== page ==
• Homocysteine lowering therapy has had conflicting results with respect to outcomes

• Measurement remains controversial

15

Myoglobin

• Intracellular heme protein that aids in the transport of oxygen

• Abundant in both cardiac/skeletal muscle

• Elevations detected within 1-4 hours (peak) after AMI symptoms; returns to normal after 12 hours

• Nonspecific (increases in MI and Renal damage) but sensitive marker--primarily used for negative predictive value.

• Usually measured by sandwich, nephelometric, turbidimetric, or fluorescence immunoassay

16

Troponin Complex

• A contraction-regulating protein found on the thin filaments of striated muscle, made of three non-identical subunits (T,I, and C)

• Troponin has become the most sensitive and specific test for myocardial damage

• Troponin C is the calcium-sensitive subunit and contains four Ca++ binding sites

• Troponin I is the inhibitory subunit, binds actin in the relaxed state

• Troponin T binds to tropomyosin and actin

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Troponin T and I

• Proteins found in thin filament of muscle

• Early release due to cytosolic pool

• Sustained release due to myofibrils

• Cardiac troponin not released from skeletal muscles

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Troponin I

• Specific for cardiac muscle

• It rises 3-6 hours post AMI, peaks at 14-20 hours and remains elevated 5-10 days

• Studies also show its utility in risk stratification

• TnI is useful in clinical conditions where other markers are ambiguous such as in chronic renal patients.

• Most commercial assays measure TnI

19

Troponin T

• Troponin T is also specific for cardiac muscle, rises 3-4 hrs post MI and peaks in 10- 24 hours. Remains elevated for 10-14 days.

• Troponin T has been shown to be useful in risk stratification; and in detecting peri-operative MI during procedures

• May also be elevated in renal disease

20

cTnT vs cTnI

• cTnT remains positive after AMI longer than cTnI.

• Abnormal cTnT found more frequently in patients with chronic renal failure than cTnI due to non-ischemic myocardial damage.

21

Congestive Heart Failure

• A condition where the heart can’t pump enough blood to the body’s other organs

• Can result from: - Coronary artery disease - Past MI with scar tissue that interferes with function - High blood pressure - Heart valve disease - Cardiomyopathy - Infection of the valves and/or heart muscle As a result of decreased cardiac function, body fluids may build up in the lungs and limbs.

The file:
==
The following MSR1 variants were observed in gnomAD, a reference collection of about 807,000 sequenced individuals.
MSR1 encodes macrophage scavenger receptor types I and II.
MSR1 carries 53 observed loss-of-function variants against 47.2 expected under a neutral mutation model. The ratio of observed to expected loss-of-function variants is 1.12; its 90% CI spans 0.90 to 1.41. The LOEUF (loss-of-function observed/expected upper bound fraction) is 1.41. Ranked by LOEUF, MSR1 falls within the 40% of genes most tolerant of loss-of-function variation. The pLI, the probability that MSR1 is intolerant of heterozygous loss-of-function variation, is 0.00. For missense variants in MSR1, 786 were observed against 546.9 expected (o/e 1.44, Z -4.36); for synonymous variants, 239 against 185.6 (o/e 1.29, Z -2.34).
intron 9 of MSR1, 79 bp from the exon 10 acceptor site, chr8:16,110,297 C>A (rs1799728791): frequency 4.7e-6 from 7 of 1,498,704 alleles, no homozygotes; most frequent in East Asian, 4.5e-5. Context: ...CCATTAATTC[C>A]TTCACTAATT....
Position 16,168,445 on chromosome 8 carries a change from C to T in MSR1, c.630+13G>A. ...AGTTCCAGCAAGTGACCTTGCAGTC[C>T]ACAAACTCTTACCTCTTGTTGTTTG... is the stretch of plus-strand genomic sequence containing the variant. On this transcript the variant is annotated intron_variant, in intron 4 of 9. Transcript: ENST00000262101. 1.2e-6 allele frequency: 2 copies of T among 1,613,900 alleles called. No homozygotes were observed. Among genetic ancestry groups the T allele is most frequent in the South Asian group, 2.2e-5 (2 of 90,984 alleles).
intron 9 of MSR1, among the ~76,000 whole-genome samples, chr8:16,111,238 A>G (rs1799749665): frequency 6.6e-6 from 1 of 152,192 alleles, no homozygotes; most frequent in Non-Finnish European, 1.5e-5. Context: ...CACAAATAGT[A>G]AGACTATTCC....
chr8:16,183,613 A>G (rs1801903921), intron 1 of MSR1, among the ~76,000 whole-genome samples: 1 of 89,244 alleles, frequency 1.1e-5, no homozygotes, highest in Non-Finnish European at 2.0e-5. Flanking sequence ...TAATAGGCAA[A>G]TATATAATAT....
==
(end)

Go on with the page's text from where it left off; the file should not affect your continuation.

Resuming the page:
22

BNP

1 of 4 natriuretic hormones

Antagnonists to renin-angiotensin- aldosterone system Decrease blood pressure by vasodilation and renal excretion of Na and water Helps diagnose presence and severity of congestive heart failure, increased in CHF due to enhanced atrial & ventricular synthesis. Brain natriuretic peptide (BNP) are naturally occurring peptide hormones synthesized in the brain, increased in patients with kidney disease

23

POCT for Cardiac Markers

• Whole blood platforms.

• Quantitative and qualitative assays available

• Can significantly reduce assay TAT.

• Precision and sensitivity less than central laboratory platforms

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POCT for AMI

• STEMI: ECG, no cardiac markers needed

• NSTEMI: troponin increased dramatically, POCT adequate

• UA/NSTEMI: variability in performance of POCT devices.

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Relative Appearances of Markers

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ECG Markers

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Negative Risk Factors

HDLc > 60mg/dL

LDLc < 100mg/dL

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Congestive Heart Failure

  • B-Natriuretic Peptide (BNP) is active, increases Na and water excretion, causing vasodilation and drop in BP; antagonist to renin-angiotensin-aldosterone which increases BP
  • N-terminal pro-BNP is inactive

Released by ventricular walls due to hypertension and volume overload